The important distinction between the two is that Australia specifies that security is a driving force in its engagement with the region. This is reflected in Canberra’s attempts to negotiate bilateral security treaties, with one signed with Solomon Islands in August 2017, negotiations underway with Kiribati, and plans to negotiate with Vanuatu. Australia has also signed bilateral security memoranda of agreement with Tuvalu and Nauru.

In addition, Australia is seeking to establish an Australia Pacific Security College to enhance regional security cooperation and has expanded its Pacific Maritime Security Program to assist Pacific Island states to patrol their maritime territories. The college is also seen as a complement to the proposed Biketawa Plus security declaration by members of the Pacific Islands Forum to enhance security cooperation in the region, which Australia and New Zealand support. Draft versions of the Biketawa Plus declaration clearly spell out the need for an expanded concept of security as a consequence of emerging challenges within an evolving and contested security environment.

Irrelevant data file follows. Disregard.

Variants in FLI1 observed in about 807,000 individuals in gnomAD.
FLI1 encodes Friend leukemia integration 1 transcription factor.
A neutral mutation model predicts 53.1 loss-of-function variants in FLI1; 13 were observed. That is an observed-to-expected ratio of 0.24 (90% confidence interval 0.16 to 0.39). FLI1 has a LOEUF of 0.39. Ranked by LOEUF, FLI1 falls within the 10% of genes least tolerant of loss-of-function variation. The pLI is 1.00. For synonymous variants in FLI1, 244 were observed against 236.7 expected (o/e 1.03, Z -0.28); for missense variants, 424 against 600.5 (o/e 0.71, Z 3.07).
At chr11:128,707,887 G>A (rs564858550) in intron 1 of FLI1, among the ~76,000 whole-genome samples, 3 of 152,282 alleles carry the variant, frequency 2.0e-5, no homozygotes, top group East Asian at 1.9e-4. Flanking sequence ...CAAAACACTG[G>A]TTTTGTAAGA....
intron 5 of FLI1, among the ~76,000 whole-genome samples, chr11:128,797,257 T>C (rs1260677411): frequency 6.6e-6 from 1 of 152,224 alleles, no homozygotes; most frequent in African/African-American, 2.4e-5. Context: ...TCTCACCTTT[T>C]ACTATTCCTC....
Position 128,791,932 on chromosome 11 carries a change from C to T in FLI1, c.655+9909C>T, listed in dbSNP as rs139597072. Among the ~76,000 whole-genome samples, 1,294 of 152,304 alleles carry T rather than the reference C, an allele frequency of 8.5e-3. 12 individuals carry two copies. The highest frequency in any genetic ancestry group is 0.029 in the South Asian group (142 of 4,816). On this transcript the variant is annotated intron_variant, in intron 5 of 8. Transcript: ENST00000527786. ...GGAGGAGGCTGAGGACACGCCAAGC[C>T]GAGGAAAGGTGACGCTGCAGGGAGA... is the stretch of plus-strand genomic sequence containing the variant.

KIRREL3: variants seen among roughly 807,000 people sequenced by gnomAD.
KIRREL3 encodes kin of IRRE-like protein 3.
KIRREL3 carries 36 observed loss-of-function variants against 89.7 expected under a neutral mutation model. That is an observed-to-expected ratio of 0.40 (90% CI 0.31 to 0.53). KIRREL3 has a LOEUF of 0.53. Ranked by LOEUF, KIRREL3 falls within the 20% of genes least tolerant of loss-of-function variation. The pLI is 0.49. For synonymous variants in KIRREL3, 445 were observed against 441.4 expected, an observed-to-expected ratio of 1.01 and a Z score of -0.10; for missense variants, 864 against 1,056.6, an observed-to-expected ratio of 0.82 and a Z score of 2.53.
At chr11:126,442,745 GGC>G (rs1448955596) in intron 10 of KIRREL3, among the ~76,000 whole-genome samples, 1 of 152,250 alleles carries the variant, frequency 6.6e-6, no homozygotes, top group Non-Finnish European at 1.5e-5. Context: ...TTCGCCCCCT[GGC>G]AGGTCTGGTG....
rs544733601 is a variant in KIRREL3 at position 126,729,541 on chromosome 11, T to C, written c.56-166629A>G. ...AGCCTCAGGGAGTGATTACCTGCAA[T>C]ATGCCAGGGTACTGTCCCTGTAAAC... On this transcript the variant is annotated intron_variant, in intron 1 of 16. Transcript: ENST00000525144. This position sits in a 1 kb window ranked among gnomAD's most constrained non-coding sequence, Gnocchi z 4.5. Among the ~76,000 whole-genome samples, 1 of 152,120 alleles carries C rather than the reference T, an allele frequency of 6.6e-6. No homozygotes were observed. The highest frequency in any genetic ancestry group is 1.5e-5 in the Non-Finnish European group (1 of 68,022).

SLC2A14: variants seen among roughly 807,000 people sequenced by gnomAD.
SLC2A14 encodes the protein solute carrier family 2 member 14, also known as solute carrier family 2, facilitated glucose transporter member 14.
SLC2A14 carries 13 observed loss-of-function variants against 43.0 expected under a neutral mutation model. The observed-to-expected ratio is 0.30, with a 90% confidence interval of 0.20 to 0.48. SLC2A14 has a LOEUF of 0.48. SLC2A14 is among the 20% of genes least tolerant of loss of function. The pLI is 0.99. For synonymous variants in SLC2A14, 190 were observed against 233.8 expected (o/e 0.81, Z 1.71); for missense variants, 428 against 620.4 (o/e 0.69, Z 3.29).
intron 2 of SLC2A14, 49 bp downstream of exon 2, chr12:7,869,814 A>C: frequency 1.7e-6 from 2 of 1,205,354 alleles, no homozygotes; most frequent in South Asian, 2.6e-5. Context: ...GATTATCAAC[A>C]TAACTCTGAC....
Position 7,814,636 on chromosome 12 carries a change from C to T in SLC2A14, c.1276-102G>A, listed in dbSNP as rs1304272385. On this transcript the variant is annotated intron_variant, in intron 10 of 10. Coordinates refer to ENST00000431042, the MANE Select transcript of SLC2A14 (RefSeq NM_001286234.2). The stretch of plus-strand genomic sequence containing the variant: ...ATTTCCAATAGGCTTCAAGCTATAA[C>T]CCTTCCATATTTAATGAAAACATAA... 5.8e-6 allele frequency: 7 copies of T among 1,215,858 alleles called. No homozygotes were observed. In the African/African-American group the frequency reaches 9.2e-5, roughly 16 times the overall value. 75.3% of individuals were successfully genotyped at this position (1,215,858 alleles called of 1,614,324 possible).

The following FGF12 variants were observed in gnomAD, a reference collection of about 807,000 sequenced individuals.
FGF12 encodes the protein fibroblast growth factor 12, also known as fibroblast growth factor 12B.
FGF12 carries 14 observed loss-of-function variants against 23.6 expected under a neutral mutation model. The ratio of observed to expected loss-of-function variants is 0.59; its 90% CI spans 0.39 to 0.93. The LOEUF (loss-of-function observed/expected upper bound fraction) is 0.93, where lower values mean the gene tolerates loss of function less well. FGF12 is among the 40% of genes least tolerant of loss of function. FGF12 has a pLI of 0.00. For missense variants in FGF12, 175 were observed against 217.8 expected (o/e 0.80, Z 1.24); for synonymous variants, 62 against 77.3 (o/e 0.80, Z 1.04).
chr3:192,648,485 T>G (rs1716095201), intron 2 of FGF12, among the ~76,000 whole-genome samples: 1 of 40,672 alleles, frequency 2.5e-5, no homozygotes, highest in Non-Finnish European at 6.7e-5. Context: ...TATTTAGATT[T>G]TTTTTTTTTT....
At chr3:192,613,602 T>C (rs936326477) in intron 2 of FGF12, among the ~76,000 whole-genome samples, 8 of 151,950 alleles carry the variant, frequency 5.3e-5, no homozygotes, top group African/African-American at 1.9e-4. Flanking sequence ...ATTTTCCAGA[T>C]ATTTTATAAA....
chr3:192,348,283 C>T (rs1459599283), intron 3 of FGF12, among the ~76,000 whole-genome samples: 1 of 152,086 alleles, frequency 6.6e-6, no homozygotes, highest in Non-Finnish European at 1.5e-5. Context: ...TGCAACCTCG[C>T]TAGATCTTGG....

Pacific Island states are not passive and ripe to be duped by China, Australia, or any other power.

Reflecting concerns about China’s increased presence, Australia has also agreed to spend A$137 million to fund an undersea internet cable between Australia, Solomon Islands, and Papua New Guinea. Tellingly, Solomon Islands had been in negotiations with Huawei, a Chinese company, to lay the cable. Canberra was said to be concerned about the possibility of Huawei accessing Australia’s telecommunications infrastructure. Papua New Guinea has since outflanked Australia, announcing that Huawei will construct an internet cable within Papua New Guinea, which will then join into the Australian-constructed one.